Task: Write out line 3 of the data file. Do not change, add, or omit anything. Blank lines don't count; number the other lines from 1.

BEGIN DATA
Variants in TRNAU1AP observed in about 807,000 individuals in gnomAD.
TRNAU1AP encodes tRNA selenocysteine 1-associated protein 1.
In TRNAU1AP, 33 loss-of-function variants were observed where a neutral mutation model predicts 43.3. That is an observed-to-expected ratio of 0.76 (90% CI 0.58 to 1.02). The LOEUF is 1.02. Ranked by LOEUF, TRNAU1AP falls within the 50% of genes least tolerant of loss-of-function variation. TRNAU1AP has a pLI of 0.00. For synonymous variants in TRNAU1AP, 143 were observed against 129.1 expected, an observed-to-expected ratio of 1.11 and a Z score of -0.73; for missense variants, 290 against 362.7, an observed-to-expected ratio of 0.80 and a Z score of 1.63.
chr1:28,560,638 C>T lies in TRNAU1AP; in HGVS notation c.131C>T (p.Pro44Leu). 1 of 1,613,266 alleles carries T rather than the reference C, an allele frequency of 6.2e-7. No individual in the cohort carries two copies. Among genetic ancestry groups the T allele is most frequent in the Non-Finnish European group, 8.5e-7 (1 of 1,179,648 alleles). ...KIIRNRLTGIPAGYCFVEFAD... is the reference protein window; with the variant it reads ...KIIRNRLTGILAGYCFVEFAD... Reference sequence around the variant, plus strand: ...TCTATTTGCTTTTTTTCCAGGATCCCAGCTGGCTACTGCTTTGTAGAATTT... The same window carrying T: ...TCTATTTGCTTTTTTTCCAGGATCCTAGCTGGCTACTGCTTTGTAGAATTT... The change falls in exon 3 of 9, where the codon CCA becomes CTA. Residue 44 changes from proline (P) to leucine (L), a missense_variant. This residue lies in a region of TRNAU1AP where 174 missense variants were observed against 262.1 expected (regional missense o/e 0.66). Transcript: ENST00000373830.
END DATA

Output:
In TRNAU1AP, 33 loss-of-function variants were observed where a neutral mutation model predicts 43.3. That is an observed-to-expected ratio of 0.76 (90% CI 0.58 to 1.02). The LOEUF is 1.02. Ranked by LOEUF, TRNAU1AP falls within the 50% of genes least tolerant of loss-of-function variation. TRNAU1AP has a pLI of 0.00. For synonymous variants in TRNAU1AP, 143 were observed against 129.1 expected, an observed-to-expected ratio of 1.11 and a Z score of -0.73; for missense variants, 290 against 362.7, an observed-to-expected ratio of 0.80 and a Z score of 1.63.